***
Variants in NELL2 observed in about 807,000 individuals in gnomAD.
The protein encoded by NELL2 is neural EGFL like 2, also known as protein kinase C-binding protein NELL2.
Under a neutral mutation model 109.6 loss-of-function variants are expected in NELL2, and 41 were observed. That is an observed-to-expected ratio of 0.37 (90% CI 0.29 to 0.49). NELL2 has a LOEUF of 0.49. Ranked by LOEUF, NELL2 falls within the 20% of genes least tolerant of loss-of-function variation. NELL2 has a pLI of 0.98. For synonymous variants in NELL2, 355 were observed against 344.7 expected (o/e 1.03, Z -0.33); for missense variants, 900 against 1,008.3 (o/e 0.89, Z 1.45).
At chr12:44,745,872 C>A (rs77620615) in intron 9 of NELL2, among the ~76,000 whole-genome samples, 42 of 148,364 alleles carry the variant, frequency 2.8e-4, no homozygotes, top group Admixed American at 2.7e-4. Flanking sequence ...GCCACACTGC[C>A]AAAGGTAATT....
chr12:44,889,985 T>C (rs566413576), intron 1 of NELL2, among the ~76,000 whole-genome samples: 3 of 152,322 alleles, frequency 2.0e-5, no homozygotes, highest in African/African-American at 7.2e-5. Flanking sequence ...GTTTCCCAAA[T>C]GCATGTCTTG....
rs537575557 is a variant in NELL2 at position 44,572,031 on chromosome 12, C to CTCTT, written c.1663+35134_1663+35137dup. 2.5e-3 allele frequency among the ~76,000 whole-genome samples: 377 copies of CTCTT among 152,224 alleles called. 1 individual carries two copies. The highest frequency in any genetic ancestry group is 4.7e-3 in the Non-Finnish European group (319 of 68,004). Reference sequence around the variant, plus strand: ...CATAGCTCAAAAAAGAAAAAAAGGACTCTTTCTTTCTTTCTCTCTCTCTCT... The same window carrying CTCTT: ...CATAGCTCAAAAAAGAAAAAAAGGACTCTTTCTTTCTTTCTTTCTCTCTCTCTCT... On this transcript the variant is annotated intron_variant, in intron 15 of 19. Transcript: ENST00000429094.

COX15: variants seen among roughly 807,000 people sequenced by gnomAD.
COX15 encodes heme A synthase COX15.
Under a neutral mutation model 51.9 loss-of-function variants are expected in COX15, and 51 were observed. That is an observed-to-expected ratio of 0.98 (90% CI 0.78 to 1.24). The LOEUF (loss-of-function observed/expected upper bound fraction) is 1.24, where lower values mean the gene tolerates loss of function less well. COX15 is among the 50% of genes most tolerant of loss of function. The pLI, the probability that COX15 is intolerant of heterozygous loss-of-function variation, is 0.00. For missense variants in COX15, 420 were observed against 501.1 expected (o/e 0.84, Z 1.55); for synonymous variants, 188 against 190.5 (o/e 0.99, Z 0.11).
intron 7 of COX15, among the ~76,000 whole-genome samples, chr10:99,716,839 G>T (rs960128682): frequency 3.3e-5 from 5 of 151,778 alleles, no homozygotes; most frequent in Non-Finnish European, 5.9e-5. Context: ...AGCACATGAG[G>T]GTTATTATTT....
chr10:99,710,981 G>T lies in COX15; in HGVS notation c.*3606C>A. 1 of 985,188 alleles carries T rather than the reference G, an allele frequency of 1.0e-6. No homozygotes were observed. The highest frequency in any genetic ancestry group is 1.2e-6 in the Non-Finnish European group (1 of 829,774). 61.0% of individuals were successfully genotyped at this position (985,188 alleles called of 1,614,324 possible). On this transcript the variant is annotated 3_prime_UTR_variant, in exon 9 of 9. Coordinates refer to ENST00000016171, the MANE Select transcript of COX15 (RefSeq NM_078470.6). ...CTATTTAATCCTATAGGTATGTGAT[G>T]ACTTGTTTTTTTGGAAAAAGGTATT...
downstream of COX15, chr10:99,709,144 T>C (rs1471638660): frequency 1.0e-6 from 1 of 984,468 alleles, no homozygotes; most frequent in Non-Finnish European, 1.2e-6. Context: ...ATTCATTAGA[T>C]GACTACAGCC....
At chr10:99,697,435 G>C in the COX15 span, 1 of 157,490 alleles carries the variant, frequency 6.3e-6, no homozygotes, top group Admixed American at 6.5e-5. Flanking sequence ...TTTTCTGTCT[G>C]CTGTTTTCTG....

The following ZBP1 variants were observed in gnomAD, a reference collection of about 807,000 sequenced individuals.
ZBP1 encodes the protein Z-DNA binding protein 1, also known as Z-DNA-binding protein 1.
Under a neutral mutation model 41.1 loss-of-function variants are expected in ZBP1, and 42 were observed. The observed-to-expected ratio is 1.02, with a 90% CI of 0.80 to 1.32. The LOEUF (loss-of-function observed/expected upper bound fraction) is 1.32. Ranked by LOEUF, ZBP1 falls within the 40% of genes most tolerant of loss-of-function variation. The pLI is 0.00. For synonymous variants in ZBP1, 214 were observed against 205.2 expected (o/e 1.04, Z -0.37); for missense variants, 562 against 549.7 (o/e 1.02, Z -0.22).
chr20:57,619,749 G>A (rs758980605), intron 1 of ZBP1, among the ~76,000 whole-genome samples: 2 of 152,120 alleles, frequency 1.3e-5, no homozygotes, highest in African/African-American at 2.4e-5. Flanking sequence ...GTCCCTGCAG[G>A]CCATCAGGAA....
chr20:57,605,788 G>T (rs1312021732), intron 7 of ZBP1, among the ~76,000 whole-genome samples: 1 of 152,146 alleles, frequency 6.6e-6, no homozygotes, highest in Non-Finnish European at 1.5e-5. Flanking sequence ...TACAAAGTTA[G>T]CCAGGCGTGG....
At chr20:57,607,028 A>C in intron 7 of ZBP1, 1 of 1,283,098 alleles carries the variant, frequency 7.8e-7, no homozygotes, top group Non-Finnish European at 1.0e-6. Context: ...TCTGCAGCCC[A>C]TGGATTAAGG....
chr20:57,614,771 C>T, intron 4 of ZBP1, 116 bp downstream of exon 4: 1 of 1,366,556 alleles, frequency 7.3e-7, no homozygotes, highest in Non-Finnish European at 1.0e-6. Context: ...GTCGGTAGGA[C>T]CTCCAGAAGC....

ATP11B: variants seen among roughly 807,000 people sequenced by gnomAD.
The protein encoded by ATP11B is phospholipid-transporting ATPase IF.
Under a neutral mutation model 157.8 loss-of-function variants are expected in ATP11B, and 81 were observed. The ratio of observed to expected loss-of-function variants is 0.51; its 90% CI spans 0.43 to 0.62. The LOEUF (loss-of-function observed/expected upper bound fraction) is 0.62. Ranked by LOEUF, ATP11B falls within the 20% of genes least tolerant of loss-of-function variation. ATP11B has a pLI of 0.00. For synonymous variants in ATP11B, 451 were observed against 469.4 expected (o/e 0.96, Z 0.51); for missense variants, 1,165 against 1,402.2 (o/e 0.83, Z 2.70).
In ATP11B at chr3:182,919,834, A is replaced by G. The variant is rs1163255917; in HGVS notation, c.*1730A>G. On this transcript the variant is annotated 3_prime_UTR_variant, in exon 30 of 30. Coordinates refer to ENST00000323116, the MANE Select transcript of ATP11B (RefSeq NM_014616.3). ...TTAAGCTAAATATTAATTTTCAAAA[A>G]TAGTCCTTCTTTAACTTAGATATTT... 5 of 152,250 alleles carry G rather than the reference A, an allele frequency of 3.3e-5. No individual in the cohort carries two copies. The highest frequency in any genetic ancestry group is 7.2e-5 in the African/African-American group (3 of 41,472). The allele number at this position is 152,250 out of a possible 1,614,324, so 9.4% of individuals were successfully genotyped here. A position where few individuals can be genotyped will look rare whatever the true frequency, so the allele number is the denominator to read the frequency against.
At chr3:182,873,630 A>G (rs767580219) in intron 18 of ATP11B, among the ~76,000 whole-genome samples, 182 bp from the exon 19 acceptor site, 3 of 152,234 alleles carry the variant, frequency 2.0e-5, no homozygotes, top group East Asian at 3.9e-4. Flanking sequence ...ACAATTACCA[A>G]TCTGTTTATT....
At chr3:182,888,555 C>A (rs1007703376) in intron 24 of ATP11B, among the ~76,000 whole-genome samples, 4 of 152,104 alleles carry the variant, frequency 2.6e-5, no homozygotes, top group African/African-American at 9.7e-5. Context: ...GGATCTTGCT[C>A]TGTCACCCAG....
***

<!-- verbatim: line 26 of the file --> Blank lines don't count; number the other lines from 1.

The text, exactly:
At chr3:182,888,555 C>A (rs1007703376) in intron 24 of ATP11B, among the ~76,000 whole-genome samples, 4 of 152,104 alleles carry the variant, frequency 2.6e-5, no homozygotes, top group African/African-American at 9.7e-5. Context: ...GGATCTTGCT[C>A]TGTCACCCAG....